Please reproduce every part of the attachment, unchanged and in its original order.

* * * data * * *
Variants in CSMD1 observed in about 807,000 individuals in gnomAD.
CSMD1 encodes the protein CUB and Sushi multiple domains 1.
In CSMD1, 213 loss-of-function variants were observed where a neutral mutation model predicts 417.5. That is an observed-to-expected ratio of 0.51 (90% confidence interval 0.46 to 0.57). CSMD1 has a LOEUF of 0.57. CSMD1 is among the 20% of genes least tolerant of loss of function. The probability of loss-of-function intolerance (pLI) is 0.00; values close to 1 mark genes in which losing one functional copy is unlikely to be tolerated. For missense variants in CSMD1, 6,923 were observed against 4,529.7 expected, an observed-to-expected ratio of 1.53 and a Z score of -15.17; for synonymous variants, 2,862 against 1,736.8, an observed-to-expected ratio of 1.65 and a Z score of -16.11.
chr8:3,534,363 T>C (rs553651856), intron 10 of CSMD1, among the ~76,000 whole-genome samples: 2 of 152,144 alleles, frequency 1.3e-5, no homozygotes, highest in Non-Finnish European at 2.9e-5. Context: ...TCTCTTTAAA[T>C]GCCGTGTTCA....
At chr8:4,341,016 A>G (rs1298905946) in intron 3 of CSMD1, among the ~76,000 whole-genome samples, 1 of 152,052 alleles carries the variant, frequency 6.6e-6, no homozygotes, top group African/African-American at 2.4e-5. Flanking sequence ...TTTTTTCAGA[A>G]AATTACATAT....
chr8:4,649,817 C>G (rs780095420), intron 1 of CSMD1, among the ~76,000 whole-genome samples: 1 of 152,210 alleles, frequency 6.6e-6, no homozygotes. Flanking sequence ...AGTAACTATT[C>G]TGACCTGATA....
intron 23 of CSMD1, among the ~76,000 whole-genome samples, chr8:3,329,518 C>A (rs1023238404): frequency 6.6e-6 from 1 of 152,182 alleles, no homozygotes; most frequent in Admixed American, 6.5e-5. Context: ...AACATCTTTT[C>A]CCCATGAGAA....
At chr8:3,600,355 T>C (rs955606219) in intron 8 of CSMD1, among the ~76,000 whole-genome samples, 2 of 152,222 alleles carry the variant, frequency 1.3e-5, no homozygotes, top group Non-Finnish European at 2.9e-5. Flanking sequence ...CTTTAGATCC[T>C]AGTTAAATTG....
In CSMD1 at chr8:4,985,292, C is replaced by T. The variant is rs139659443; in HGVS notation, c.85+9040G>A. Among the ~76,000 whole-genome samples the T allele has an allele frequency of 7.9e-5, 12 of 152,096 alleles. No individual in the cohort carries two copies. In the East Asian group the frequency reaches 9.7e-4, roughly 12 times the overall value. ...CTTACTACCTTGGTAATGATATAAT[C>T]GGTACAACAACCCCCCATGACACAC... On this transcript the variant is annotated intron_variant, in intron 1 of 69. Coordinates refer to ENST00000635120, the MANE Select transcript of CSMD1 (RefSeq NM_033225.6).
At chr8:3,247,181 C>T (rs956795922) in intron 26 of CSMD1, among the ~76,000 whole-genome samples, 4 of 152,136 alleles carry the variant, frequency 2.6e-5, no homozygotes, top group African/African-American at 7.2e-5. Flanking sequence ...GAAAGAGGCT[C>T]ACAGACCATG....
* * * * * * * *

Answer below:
Variants in CSMD1 observed in about 807,000 individuals in gnomAD.
CSMD1 encodes the protein CUB and Sushi multiple domains 1.
In CSMD1, 213 loss-of-function variants were observed where a neutral mutation model predicts 417.5. That is an observed-to-expected ratio of 0.51 (90% confidence interval 0.46 to 0.57). CSMD1 has a LOEUF of 0.57. CSMD1 is among the 20% of genes least tolerant of loss of function. The probability of loss-of-function intolerance (pLI) is 0.00; values close to 1 mark genes in which losing one functional copy is unlikely to be tolerated. For missense variants in CSMD1, 6,923 were observed against 4,529.7 expected, an observed-to-expected ratio of 1.53 and a Z score of -15.17; for synonymous variants, 2,862 against 1,736.8, an observed-to-expected ratio of 1.65 and a Z score of -16.11.
chr8:3,534,363 T>C (rs553651856), intron 10 of CSMD1, among the ~76,000 whole-genome samples: 2 of 152,144 alleles, frequency 1.3e-5, no homozygotes, highest in Non-Finnish European at 2.9e-5. Context: ...TCTCTTTAAA[T>C]GCCGTGTTCA....
At chr8:4,341,016 A>G (rs1298905946) in intron 3 of CSMD1, among the ~76,000 whole-genome samples, 1 of 152,052 alleles carries the variant, frequency 6.6e-6, no homozygotes, top group African/African-American at 2.4e-5. Flanking sequence ...TTTTTTCAGA[A>G]AATTACATAT....
chr8:4,649,817 C>G (rs780095420), intron 1 of CSMD1, among the ~76,000 whole-genome samples: 1 of 152,210 alleles, frequency 6.6e-6, no homozygotes. Flanking sequence ...AGTAACTATT[C>G]TGACCTGATA....
intron 23 of CSMD1, among the ~76,000 whole-genome samples, chr8:3,329,518 C>A (rs1023238404): frequency 6.6e-6 from 1 of 152,182 alleles, no homozygotes; most frequent in Admixed American, 6.5e-5. Context: ...AACATCTTTT[C>A]CCCATGAGAA....
At chr8:3,600,355 T>C (rs955606219) in intron 8 of CSMD1, among the ~76,000 whole-genome samples, 2 of 152,222 alleles carry the variant, frequency 1.3e-5, no homozygotes, top group Non-Finnish European at 2.9e-5. Flanking sequence ...CTTTAGATCC[T>C]AGTTAAATTG....
In CSMD1 at chr8:4,985,292, C is replaced by T. The variant is rs139659443; in HGVS notation, c.85+9040G>A. Among the ~76,000 whole-genome samples the T allele has an allele frequency of 7.9e-5, 12 of 152,096 alleles. No individual in the cohort carries two copies. In the East Asian group the frequency reaches 9.7e-4, roughly 12 times the overall value. ...CTTACTACCTTGGTAATGATATAAT[C>T]GGTACAACAACCCCCCATGACACAC... On this transcript the variant is annotated intron_variant, in intron 1 of 69. Coordinates refer to ENST00000635120, the MANE Select transcript of CSMD1 (RefSeq NM_033225.6).
At chr8:3,247,181 C>T (rs956795922) in intron 26 of CSMD1, among the ~76,000 whole-genome samples, 4 of 152,136 alleles carry the variant, frequency 2.6e-5, no homozygotes, top group African/African-American at 7.2e-5. Flanking sequence ...GAAAGAGGCT[C>T]ACAGACCATG....